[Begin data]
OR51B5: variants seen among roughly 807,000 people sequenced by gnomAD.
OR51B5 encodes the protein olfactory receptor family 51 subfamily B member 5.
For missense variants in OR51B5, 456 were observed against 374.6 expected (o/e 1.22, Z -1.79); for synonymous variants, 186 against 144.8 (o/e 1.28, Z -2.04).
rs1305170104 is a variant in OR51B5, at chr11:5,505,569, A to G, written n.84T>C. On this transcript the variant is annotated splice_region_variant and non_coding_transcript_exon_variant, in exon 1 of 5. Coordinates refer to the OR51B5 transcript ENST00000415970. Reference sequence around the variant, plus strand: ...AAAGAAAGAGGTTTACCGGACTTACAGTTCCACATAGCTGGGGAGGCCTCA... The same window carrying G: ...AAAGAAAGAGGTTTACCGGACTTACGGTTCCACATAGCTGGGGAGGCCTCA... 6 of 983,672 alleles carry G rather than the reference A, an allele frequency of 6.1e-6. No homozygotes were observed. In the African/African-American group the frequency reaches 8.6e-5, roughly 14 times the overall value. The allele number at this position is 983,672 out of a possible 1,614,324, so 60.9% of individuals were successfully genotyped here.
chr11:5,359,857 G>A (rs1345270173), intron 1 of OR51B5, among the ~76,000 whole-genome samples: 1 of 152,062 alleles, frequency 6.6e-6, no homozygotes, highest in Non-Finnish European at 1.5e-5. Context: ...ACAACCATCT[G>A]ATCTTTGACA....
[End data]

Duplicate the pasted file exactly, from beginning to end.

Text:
OR51B5: variants seen among roughly 807,000 people sequenced by gnomAD.
OR51B5 encodes the protein olfactory receptor family 51 subfamily B member 5.
For missense variants in OR51B5, 456 were observed against 374.6 expected (o/e 1.22, Z -1.79); for synonymous variants, 186 against 144.8 (o/e 1.28, Z -2.04).
rs1305170104 is a variant in OR51B5, at chr11:5,505,569, A to G, written n.84T>C. On this transcript the variant is annotated splice_region_variant and non_coding_transcript_exon_variant, in exon 1 of 5. Coordinates refer to the OR51B5 transcript ENST00000415970. Reference sequence around the variant, plus strand: ...AAAGAAAGAGGTTTACCGGACTTACAGTTCCACATAGCTGGGGAGGCCTCA... The same window carrying G: ...AAAGAAAGAGGTTTACCGGACTTACGGTTCCACATAGCTGGGGAGGCCTCA... 6 of 983,672 alleles carry G rather than the reference A, an allele frequency of 6.1e-6. No homozygotes were observed. In the African/African-American group the frequency reaches 8.6e-5, roughly 14 times the overall value. The allele number at this position is 983,672 out of a possible 1,614,324, so 60.9% of individuals were successfully genotyped here.
chr11:5,359,857 G>A (rs1345270173), intron 1 of OR51B5, among the ~76,000 whole-genome samples: 1 of 152,062 alleles, frequency 6.6e-6, no homozygotes, highest in Non-Finnish European at 1.5e-5. Context: ...ACAACCATCT[G>A]ATCTTTGACA....